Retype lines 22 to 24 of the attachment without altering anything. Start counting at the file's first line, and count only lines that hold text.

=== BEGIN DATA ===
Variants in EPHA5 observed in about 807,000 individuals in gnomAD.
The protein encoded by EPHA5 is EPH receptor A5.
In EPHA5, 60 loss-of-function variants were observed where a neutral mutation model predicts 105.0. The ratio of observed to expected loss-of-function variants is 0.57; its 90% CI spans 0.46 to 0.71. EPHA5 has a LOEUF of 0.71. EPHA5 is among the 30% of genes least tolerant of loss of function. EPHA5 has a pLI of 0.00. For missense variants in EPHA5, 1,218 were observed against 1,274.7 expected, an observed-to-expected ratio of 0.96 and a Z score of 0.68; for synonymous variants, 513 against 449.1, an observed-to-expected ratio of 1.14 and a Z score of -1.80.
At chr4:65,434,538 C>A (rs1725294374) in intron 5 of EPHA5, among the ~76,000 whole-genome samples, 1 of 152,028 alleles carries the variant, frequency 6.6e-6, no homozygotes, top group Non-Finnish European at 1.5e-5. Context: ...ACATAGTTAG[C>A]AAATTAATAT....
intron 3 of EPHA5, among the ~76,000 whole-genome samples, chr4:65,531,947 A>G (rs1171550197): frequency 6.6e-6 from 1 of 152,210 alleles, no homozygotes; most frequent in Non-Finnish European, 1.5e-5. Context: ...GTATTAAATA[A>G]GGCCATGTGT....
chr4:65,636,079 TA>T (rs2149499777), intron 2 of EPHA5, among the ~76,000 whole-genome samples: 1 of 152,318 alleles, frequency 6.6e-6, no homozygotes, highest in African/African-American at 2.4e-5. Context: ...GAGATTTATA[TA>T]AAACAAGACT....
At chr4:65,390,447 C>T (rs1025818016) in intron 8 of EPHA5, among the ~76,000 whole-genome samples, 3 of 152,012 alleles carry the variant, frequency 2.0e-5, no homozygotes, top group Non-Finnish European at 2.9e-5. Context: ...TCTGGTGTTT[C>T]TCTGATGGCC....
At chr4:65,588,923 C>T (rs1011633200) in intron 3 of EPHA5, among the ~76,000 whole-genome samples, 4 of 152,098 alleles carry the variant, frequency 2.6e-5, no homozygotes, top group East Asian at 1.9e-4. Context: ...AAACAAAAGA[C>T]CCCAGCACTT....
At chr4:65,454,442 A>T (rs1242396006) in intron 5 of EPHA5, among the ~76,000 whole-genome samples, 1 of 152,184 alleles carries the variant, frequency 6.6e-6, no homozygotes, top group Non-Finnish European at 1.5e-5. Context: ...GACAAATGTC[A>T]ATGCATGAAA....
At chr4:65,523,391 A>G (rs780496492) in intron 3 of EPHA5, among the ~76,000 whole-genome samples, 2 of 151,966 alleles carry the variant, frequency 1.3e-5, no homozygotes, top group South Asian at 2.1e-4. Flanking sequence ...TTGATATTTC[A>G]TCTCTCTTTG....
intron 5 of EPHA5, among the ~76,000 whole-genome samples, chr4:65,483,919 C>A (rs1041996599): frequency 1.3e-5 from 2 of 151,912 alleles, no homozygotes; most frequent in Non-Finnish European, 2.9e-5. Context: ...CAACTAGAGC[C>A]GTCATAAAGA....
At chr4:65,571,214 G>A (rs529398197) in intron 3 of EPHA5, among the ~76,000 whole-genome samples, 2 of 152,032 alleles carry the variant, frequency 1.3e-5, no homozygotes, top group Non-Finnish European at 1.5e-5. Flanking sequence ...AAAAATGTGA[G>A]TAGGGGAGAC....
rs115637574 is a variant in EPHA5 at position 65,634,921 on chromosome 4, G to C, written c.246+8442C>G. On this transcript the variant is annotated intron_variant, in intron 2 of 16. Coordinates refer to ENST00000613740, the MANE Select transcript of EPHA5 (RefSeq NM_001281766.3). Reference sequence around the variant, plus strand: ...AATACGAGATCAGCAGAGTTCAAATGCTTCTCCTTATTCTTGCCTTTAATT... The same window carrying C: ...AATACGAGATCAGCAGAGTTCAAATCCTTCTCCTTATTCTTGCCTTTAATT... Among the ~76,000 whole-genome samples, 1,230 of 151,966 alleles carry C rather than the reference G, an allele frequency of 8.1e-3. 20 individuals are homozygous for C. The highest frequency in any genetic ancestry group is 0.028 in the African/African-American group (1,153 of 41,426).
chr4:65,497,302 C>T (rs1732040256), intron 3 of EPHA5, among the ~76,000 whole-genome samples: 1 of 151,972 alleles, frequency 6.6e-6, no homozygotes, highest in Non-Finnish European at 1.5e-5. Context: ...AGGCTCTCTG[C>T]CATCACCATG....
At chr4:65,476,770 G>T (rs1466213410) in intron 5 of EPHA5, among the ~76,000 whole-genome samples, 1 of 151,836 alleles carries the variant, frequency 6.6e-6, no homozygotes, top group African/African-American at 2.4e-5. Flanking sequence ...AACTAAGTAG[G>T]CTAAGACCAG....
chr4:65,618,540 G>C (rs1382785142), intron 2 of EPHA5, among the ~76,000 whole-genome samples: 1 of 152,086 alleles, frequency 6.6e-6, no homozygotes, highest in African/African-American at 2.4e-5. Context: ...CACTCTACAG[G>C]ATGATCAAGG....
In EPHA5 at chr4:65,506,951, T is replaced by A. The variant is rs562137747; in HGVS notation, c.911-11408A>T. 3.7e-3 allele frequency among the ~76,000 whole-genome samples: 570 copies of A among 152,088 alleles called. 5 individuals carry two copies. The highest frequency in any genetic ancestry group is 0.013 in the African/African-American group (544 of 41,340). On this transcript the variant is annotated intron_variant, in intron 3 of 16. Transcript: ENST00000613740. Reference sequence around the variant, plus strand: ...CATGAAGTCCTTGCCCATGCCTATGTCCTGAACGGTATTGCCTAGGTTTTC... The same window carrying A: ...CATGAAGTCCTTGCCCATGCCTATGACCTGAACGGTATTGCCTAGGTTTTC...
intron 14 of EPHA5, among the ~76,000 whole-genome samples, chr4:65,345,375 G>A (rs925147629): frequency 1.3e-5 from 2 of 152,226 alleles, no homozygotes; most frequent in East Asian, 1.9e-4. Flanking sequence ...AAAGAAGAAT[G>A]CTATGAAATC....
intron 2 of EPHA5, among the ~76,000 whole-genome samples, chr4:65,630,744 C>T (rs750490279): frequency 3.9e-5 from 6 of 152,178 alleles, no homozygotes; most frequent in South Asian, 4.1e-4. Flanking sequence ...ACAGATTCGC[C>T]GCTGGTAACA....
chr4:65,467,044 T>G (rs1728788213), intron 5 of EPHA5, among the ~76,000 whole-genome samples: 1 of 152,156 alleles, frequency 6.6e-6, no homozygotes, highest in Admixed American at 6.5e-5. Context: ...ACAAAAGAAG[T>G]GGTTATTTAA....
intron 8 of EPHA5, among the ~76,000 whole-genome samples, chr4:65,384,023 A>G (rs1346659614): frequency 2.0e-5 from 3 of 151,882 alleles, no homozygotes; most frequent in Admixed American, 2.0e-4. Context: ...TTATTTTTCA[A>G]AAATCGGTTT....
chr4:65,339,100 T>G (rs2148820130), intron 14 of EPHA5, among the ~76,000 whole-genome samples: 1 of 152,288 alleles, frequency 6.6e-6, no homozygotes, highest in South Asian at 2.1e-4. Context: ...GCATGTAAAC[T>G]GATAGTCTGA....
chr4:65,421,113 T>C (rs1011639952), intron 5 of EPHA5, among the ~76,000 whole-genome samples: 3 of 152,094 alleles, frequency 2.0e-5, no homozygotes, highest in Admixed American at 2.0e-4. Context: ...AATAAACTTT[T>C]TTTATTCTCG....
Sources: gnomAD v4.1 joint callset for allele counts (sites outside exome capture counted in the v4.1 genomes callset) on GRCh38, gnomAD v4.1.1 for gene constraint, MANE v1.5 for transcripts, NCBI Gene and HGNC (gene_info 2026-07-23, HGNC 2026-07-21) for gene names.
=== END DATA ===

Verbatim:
chr4:65,339,100 T>G (rs2148820130), intron 14 of EPHA5, among the ~76,000 whole-genome samples: 1 of 152,288 alleles, frequency 6.6e-6, no homozygotes, highest in South Asian at 2.1e-4. Context: ...GCATGTAAAC[T>G]GATAGTCTGA....
chr4:65,421,113 T>C (rs1011639952), intron 5 of EPHA5, among the ~76,000 whole-genome samples: 3 of 152,094 alleles, frequency 2.0e-5, no homozygotes, highest in Admixed American at 2.0e-4. Context: ...AATAAACTTT[T>C]TTTATTCTCG....
Sources: gnomAD v4.1 joint callset for allele counts (sites outside exome capture counted in the v4.1 genomes callset) on GRCh38, gnomAD v4.1.1 for gene constraint, MANE v1.5 for transcripts, NCBI Gene and HGNC (gene_info 2026-07-23, HGNC 2026-07-21) for gene names.